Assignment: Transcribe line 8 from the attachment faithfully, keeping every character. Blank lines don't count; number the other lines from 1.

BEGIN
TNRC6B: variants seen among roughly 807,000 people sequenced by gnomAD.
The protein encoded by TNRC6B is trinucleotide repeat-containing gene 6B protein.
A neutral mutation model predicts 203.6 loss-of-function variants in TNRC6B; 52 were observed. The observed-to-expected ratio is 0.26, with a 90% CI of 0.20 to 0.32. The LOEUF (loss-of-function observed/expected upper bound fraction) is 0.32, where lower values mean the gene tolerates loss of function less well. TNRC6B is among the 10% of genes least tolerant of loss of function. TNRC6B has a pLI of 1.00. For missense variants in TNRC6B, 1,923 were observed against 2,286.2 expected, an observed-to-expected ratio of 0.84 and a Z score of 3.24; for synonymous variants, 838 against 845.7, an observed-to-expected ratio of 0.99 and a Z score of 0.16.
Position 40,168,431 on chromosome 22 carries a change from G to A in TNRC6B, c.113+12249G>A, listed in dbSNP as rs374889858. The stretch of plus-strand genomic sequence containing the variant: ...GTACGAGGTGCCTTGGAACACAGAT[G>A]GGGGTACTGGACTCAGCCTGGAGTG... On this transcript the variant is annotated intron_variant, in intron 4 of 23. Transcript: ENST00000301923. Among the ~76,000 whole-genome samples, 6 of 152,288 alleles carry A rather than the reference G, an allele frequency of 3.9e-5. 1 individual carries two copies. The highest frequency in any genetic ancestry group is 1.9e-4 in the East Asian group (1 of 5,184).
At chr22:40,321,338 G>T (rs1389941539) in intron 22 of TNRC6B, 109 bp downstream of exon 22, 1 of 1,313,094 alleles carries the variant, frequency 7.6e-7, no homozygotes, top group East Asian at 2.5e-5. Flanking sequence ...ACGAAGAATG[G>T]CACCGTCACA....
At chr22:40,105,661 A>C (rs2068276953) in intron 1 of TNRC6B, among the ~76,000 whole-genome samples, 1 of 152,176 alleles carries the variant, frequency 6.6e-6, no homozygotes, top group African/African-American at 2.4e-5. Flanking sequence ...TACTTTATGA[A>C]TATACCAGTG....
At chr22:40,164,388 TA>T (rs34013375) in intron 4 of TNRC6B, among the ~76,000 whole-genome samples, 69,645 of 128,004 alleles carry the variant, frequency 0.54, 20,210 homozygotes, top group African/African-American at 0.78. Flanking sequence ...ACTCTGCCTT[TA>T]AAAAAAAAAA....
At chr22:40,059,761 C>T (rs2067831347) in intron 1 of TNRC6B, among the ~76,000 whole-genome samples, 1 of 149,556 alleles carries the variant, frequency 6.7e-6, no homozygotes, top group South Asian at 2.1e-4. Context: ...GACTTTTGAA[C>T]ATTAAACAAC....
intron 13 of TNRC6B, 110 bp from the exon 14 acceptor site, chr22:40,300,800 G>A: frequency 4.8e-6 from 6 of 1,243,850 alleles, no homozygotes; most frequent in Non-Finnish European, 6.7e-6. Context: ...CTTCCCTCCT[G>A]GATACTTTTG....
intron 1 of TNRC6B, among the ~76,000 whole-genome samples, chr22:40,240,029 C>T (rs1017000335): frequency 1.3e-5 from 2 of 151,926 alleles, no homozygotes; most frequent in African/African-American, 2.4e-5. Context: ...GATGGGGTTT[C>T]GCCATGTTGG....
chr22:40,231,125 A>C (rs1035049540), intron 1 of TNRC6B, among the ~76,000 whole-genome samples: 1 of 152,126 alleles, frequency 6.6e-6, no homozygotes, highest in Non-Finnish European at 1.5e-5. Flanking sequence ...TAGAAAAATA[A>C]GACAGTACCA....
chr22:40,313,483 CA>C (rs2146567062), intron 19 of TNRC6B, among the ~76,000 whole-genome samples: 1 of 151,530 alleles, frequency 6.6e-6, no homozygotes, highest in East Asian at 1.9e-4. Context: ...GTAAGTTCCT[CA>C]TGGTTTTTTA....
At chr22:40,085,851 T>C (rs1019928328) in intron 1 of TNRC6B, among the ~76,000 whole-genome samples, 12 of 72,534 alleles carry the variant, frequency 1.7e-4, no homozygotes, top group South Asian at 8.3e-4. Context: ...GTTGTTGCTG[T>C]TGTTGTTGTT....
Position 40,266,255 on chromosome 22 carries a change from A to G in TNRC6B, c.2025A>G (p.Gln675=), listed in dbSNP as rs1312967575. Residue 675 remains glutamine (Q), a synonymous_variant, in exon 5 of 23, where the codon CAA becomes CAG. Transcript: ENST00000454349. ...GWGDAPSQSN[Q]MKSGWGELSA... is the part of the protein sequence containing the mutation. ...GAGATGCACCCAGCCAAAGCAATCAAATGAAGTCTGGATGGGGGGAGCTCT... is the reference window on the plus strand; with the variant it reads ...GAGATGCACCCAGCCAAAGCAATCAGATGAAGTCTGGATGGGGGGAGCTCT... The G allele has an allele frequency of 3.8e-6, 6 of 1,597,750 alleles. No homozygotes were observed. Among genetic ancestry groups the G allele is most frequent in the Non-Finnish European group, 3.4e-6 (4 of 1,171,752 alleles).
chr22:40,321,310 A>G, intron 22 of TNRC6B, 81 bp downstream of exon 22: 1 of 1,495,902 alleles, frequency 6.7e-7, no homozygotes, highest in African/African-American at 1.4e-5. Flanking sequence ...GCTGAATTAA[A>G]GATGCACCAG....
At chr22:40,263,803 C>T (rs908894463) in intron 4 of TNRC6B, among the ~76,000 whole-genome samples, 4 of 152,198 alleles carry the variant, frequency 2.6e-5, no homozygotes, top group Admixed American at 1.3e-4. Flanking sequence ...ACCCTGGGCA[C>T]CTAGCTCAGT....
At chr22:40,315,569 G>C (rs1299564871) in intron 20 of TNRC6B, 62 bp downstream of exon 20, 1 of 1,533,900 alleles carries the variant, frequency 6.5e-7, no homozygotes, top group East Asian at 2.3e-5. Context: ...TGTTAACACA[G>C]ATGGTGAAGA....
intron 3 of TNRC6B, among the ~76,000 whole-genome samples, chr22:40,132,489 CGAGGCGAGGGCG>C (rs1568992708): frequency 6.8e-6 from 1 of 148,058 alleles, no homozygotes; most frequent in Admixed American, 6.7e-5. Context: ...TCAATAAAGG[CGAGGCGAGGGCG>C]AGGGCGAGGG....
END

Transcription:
At chr22:40,059,761 C>T (rs2067831347) in intron 1 of TNRC6B, among the ~76,000 whole-genome samples, 1 of 149,556 alleles carries the variant, frequency 6.7e-6, no homozygotes, top group South Asian at 2.1e-4. Context: ...GACTTTTGAA[C>T]ATTAAACAAC....